Common problems with the Subaru Tribeca include improperly positioned front door latch cables, and shuttering or vibrating when accelerating. A 2006 Tribeca owner sued Subaru, alleging the 2006 models have hood latch defects that allow hoods to open while the vehicles are moving, and other 2006 Tribeca owners report similar experiences. Subaru recalled more than 1,500 model year 2010 Tribecas to repair the front door latch defect. The automaker offers a revised transmission torque converter to stop the vibration problem.
In March 2010, Subaru recalled about 1,585 of its 2010 Tribeca sport utility vehicles built from Sept. 4, 2009, through March 8, 2010, to correct defective positioning of the front door latch cables. When closing or opening a window, a cable may catch in the door glass regulator. As a result, it may unlatch the door, which can open without warning, or it may make the latch inoperable. A passenger may be ejected from the vehicle or be unable to exit the locked vehicle, or the driver can become distracted and have an accident. Subaru dealers repair the defect for free by repositioning and securing both front door latch cables.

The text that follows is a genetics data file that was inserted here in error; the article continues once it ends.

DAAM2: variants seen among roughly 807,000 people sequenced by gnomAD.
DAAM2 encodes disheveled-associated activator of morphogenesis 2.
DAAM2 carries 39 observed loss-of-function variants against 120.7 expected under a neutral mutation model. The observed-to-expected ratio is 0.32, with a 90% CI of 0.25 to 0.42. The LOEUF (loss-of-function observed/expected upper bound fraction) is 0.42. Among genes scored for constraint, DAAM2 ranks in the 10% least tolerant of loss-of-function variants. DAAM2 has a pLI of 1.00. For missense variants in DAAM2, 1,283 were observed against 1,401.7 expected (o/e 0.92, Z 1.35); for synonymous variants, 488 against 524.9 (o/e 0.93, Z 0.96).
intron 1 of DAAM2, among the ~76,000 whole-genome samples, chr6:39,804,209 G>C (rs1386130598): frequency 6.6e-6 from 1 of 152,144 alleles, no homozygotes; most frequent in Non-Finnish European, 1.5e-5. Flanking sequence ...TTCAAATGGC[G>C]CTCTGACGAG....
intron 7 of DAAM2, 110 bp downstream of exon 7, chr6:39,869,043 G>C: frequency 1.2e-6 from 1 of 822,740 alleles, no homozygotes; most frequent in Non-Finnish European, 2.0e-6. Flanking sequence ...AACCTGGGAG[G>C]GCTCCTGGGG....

In 2015, plaintiff Marion Hadley filed a federal lawsuit against Subaru, alleging it produced the 2006 Subaru B9 Tribeca with defective hood latches. While driving her Tribeca at 65 miles per hour, Hadley saw her hood fly open unexpectedly and slam into her windshield, covering her with glass. Other owners have filed complaints with the National Highway Traffic Safety Administration recounting the same experience. The suit alleges that Subaru was aware of the hood latch problems because it built the 2006 Tribeca hood using plastic clips, but used bolts in the 2007 model. About 18,000 model year 2006 Tribecas could be defective.